This rule shortens the time frame before a union election robbing employees of the ability to gather the facts they need to make an informed decision and infringes in employee privacy requiring them to supply home addresses, telephone numbers, emails, work locations, shifts and job classifications. Read More
It comes as no surprise that, today, the President vetoed Congress’ disapproval of the National Labor Relations Board’s (NLRB) “Ambush” Election Rule, finalized by the Board late last year and which goes into effect on April 14.
In the Memorandum accompanying the pocket veto (a veto occurring while Congress is adjourned), the President states that Congress’s Resolution of Disapproval would “block modest, but overdue reforms to simplify and streamline private sector union elections.” The word “streamline,” in the Merriam-Webster Dictionary, means “to make simpler or more efficient.” However, when looking at the NLRB’s own data, I am confused as to what needs to be “made simpler or more efficient.” Currently, in over 95 percent of election petitions filed, a union election is held in 60 days or less. That is two months, which when you compare to our political campaign cycles, is merely a blink of an eye. So what exactly needs to be streamlined with this process? Read More
Today, the NAM filed supplemental comments to OSHA’s proposed rule publicizing injury and illness data of private employers. In January, the NAM’s Labor and Employment Policy team participated in a public hearing on this rule and from the outset, the NAM has opposed this rule for a few very simple reasons: 1) OSHA has the tools they need to improve workplace safety at their disposal already; 2) This data would be presented without context and could result in a serious misrepresentation of a particular company or industry; 3) This rule gets us no closer to the shared goal of a safer workplace. Nothing has changed to mitigate these concerns – improbably, the rule is getting worse
In August, OSHA reopened the rule posing several questions, without any actual regulatory text. What OSHA appears to be doing is adding new provisions to the rule as well as additional burdens and confusion to employers.
For example, if an employer has a stellar record for being injury and illness free for several months, the employer, to boost morale and to show the company’s safety record, may prominently post this for employees and customers to see. Defying logic, however, supplements to the rule would a classify this type of posting as discouraging employees from reporting injuries and illnesses in the workplace. OSHA could therefore cite an employer for this. Despite a reality devoid of data, scientific studies or research to back up OSHA’s assertion, they are moving forward in this misguided thinking.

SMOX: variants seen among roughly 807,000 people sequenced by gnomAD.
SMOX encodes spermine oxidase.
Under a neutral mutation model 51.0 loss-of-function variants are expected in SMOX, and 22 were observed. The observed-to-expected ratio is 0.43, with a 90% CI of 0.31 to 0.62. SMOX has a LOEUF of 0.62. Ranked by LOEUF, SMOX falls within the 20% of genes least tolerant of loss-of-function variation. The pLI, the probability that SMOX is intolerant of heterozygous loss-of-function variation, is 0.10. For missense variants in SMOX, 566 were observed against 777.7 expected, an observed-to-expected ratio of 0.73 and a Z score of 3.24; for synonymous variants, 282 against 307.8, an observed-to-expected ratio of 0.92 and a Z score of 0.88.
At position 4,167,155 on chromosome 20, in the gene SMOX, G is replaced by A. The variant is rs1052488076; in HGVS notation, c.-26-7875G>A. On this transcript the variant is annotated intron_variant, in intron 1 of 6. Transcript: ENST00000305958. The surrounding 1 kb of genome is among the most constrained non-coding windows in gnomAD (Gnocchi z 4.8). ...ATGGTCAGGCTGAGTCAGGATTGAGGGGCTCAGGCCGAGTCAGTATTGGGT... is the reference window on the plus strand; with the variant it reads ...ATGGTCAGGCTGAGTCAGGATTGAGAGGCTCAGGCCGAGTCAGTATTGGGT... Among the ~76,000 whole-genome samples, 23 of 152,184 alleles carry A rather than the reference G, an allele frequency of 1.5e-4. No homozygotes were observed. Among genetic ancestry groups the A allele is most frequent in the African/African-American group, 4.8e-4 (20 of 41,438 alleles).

OSHA should take time now to apply the fundamental question to its rule making process – does it make the workplace safer? Unfortunately, in this case it misses the mark.
Amanda Wood is Director of Employment Policy for the National Association of Manufacturers
This afternoon, President Obama is expected to sign yet another executive order and this one will create significant problems for businesses who wish to provide goods and or services to the federal government. According to reports, the order will require federal procurement officers to effectively act as enforcers of labor laws that even the Department of Labor itself has difficulty understanding, which is a dangerous game for our President to be playing with federal contracts. Effectively, the President is sanctioning a practice known as “blacklisting” companies from federal contracts due to even minor infractions of complex labor laws under the Fair Labor Standards Act. While true bad actors deserve consequences, there are already procedures in place to address those cases.
The Fair Labor Standards Act is a labyrinth of federal statute, regulations, guidance and case law that ensnares even the most cautious employers. It encompasses things like how employees are classified, overtime pay and recordkeeping requirements. All of these issues are fraught with landmines that even sophisticated employers can run into without knowing it. In fact, even the Department of Labor itself ran afoul of employee classification regulations recently and were forced to issue back-pay to a number of the nearly 2,000 of its employees who filed a grievance under the FLSA in 2010. Ironically, the very federal agency charged with enforcing the requirements would be blacklisted or put on a “contract avoidance list” under this new executive order.
Further complicating matters is the fact that the administration is in the process of regulatory rulemaking to change various aspects of the FLSA, which is certain to create violations out of what were once legal practices and bog employers down with additional litigation on matters that have already been largely ironed out in current law. In the end, there is already a process federal procurement officers can go through if there are contractors having trouble complying with the FLSA. Creating a “contract avoidance list” and dispatching a member of the Politburo to each agency to police the list seems unnecessary.